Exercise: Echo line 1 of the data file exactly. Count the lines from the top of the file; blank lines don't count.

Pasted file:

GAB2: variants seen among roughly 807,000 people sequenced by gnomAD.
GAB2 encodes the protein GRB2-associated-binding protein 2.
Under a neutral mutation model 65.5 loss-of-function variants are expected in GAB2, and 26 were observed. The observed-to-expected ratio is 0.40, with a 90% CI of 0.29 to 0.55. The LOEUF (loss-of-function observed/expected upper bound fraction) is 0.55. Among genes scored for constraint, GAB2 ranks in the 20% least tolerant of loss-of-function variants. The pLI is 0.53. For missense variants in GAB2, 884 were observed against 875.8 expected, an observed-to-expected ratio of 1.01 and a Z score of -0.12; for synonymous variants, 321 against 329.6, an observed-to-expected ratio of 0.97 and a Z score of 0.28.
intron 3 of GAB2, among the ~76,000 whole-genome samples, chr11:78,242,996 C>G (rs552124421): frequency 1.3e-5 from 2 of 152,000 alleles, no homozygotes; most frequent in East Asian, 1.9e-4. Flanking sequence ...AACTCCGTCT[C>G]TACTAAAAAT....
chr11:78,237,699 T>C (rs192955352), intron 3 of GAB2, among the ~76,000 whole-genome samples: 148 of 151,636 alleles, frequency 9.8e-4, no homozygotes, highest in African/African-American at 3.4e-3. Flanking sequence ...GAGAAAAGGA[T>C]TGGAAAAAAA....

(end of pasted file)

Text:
GAB2: variants seen among roughly 807,000 people sequenced by gnomAD.